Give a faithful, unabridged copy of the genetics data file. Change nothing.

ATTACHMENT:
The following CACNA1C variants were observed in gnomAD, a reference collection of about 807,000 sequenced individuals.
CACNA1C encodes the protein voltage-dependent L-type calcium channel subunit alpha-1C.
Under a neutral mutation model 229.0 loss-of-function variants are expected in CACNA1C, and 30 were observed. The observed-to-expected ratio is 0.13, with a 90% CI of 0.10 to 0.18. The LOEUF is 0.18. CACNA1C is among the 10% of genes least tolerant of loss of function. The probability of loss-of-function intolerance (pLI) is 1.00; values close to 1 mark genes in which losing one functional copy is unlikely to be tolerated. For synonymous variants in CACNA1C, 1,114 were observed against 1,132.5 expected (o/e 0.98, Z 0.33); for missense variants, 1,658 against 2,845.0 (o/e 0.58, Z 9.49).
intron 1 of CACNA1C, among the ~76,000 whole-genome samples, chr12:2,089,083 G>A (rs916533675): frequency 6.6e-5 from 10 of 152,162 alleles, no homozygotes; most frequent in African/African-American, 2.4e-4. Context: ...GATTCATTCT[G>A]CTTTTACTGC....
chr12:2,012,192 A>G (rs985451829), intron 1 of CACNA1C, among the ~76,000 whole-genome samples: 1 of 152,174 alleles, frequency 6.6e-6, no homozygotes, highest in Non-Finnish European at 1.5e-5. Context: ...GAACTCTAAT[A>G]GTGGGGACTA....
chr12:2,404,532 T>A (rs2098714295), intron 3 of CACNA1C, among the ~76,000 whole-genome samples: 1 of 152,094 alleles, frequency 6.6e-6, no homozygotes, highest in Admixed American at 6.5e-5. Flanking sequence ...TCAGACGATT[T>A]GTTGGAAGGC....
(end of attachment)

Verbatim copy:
The following CACNA1C variants were observed in gnomAD, a reference collection of about 807,000 sequenced individuals.
CACNA1C encodes the protein voltage-dependent L-type calcium channel subunit alpha-1C.
Under a neutral mutation model 229.0 loss-of-function variants are expected in CACNA1C, and 30 were observed. The observed-to-expected ratio is 0.13, with a 90% CI of 0.10 to 0.18. The LOEUF is 0.18. CACNA1C is among the 10% of genes least tolerant of loss of function. The probability of loss-of-function intolerance (pLI) is 1.00; values close to 1 mark genes in which losing one functional copy is unlikely to be tolerated. For synonymous variants in CACNA1C, 1,114 were observed against 1,132.5 expected (o/e 0.98, Z 0.33); for missense variants, 1,658 against 2,845.0 (o/e 0.58, Z 9.49).
intron 1 of CACNA1C, among the ~76,000 whole-genome samples, chr12:2,089,083 G>A (rs916533675): frequency 6.6e-5 from 10 of 152,162 alleles, no homozygotes; most frequent in African/African-American, 2.4e-4. Context: ...GATTCATTCT[G>A]CTTTTACTGC....
chr12:2,012,192 A>G (rs985451829), intron 1 of CACNA1C, among the ~76,000 whole-genome samples: 1 of 152,174 alleles, frequency 6.6e-6, no homozygotes, highest in Non-Finnish European at 1.5e-5. Context: ...GAACTCTAAT[A>G]GTGGGGACTA....
chr12:2,404,532 T>A (rs2098714295), intron 3 of CACNA1C, among the ~76,000 whole-genome samples: 1 of 152,094 alleles, frequency 6.6e-6, no homozygotes, highest in Admixed American at 6.5e-5. Flanking sequence ...TCAGACGATT[T>A]GTTGGAAGGC....